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I read a lot of blogs. Some inconsistently and others religiously; checking for updates several times a day if I have the chance. I read blogs in English, Swedish, Norwegian and Icelandic. And just the one in French (which might sound impressive but truly isn’t: Alix translates her posts into English as well. But I really try to stick to the French, in an attempt to keep my limited knowledge of that beautiful language alive…)

Emily’s blog is in Swedish, but she writes English summaries. She’s a freelance photographer and her images are gorgeous. So gorgeous that I sometimes almost want to eat them. (I can’t imagine what Freud would have to say about that particular impulse. Probably nothing good. Oh, well. I digress). This December, Emily’s doing a Christmas calendar of blog posts; writing about a previously decided-upon topic every day, and challenging other bloggers to do the same. As we’ve established, I’m not disciplined enough to do a post every day but I still wanted to participate. Today. Because the topic for the day is: tell us about a person you admire.

I am a lucky, blessed person – I have a lot of people in my life that I love and admire in different ways. My parents, my siblings, my friends and other family members. Today, though, I’d like to tell you about my grandmother – whom I have loved since I was born but have grown to admire as I’ve got to know her as a person, not just as my kind and wise grandmother.My grandmother

This is my grandmother. And me. I look a bit crazy, I know, my hair is a mess and I’m also completely out of focus. Ignore me. Today, it’s all about her.

My grandmother will turn 86 years old on Tuesday. She grew up on a farm (like almost everyone of her generation in Iceland) in the southern part of Iceland where the sky seems endless and the waves crashing against the shores of black sand are huge. In her youth, she got really excited if she saw a ship having trouble off shore – like everyone else. A stranded ship – and no means to transport all the goods aboard it to Reykjavík – meant that the farmers could look forward to a little bit of luxury. Some biscuits, tobacco, maybe even red wine. She just told me about the time when her father and some of his friends returned home after helping the crew of a stranded ship and receiving some goods in return; red wine, to be exact. She was eight. They were drunk. And she was so intrigued by the exotic bottles of wine they brought with them that she snuck one out and drank it by herself. She couldn’t drink red wine for decades after that.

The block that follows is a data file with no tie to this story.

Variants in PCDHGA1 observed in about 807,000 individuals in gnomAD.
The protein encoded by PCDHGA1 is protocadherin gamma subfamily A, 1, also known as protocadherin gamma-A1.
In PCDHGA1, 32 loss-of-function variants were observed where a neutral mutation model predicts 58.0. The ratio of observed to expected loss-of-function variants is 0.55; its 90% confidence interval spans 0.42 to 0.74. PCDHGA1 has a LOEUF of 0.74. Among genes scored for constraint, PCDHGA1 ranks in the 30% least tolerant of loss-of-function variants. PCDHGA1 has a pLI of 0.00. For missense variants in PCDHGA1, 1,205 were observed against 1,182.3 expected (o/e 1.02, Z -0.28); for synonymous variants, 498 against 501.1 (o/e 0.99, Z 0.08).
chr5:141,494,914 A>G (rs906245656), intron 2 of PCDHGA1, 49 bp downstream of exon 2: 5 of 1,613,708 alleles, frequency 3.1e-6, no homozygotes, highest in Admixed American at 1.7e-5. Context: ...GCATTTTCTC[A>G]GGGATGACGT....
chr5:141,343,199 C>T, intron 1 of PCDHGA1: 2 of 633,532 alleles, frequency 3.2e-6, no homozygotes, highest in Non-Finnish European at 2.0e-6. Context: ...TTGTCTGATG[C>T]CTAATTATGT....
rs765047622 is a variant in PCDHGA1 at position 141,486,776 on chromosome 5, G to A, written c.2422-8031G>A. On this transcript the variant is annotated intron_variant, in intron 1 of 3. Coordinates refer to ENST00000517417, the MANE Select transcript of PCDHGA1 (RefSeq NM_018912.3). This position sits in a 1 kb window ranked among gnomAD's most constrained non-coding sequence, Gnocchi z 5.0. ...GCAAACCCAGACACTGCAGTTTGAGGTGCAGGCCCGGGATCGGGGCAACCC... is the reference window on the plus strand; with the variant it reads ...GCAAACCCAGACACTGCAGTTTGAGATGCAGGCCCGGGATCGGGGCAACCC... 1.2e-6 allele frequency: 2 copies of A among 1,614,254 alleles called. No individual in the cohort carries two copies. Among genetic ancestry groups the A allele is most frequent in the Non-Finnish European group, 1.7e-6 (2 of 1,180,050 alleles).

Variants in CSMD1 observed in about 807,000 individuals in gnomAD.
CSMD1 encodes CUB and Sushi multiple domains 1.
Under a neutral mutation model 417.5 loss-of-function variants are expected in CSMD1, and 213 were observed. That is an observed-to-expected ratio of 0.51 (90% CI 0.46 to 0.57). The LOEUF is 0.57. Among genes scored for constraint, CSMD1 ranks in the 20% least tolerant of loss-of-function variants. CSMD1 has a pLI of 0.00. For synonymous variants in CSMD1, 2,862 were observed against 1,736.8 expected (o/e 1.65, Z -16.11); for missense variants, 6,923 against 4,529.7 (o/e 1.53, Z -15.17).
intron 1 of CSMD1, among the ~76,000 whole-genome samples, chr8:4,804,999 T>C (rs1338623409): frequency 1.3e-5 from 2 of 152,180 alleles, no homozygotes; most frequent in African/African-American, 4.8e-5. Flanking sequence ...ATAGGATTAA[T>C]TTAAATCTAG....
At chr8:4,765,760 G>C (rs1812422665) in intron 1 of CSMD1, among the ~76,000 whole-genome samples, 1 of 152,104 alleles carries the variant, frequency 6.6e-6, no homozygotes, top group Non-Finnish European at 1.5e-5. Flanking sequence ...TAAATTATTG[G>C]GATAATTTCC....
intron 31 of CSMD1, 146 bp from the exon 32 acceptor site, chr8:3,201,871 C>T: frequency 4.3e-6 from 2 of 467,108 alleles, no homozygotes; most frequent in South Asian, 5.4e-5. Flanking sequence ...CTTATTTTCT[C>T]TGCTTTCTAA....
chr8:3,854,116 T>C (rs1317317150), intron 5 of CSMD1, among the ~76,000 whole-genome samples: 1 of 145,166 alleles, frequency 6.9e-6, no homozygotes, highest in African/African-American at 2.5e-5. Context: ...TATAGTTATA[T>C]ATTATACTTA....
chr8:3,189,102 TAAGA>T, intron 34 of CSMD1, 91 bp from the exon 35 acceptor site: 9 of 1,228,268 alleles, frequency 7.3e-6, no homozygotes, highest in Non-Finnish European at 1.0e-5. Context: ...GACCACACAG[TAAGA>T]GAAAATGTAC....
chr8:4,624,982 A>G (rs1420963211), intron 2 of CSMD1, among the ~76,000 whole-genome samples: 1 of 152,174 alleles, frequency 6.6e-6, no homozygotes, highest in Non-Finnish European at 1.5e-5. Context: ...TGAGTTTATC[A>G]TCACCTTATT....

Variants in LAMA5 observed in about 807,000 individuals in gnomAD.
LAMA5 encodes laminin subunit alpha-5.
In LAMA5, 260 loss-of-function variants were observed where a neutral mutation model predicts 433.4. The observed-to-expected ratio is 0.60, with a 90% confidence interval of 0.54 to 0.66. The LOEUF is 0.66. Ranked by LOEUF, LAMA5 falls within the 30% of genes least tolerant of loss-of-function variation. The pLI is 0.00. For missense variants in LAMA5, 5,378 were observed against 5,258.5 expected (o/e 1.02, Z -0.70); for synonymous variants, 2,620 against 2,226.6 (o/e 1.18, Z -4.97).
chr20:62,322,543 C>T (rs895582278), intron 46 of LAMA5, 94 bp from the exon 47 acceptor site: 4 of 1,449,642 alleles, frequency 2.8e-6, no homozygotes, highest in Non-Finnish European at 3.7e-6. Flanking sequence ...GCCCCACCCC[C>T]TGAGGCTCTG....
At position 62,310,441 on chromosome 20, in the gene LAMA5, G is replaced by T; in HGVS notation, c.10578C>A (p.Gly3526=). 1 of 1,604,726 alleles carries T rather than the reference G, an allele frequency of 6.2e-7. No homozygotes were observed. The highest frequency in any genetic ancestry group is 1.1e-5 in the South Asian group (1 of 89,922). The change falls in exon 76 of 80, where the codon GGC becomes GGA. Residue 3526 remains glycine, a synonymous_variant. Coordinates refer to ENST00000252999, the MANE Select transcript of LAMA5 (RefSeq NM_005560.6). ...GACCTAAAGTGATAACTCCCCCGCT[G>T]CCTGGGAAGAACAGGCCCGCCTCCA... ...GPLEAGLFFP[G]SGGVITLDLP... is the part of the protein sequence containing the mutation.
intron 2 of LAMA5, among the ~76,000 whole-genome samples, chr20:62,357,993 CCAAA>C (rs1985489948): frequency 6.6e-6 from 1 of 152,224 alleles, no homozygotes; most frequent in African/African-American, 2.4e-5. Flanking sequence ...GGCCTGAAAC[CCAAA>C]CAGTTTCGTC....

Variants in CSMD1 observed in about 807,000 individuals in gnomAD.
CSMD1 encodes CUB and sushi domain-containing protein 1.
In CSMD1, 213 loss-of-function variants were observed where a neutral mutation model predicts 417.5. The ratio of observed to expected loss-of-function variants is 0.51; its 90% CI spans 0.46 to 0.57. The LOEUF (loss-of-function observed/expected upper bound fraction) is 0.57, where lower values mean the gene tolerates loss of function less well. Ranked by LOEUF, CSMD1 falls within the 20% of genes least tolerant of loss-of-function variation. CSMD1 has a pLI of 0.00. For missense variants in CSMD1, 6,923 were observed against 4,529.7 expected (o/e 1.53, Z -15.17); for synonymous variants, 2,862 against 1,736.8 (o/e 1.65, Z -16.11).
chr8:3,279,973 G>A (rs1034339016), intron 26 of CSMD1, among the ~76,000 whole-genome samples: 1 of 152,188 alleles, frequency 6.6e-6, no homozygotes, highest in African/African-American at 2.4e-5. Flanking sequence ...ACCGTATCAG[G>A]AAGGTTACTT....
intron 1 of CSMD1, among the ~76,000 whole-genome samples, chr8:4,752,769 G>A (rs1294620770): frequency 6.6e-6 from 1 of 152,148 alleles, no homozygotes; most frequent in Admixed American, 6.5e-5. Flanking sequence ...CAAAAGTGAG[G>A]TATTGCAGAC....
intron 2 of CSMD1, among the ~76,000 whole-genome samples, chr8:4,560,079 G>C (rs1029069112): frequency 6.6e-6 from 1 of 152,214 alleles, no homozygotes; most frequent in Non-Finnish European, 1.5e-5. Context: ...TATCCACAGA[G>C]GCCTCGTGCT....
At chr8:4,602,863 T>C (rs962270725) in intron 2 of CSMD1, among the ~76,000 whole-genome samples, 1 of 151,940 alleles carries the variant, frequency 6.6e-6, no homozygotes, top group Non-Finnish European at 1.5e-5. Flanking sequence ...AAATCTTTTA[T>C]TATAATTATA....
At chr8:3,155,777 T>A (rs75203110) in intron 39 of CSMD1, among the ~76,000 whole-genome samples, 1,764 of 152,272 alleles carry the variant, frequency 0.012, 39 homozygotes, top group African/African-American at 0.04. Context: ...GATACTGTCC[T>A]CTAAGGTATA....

If my grandmother had been born in another time, I’m sure she would hold a PhD. She never got the chance to go to school – except for elementary school, that is. She’s still one of the most knowledgeable people I know. She has an opinion about just about anything, is completely up to date with the world news, widely read and wise. This is even more impressive when you take into account that she’s been almost blind for more than a decade and doesn’t hear all that well either. She’s been deaf on one ear since her childhood, and the other is failing.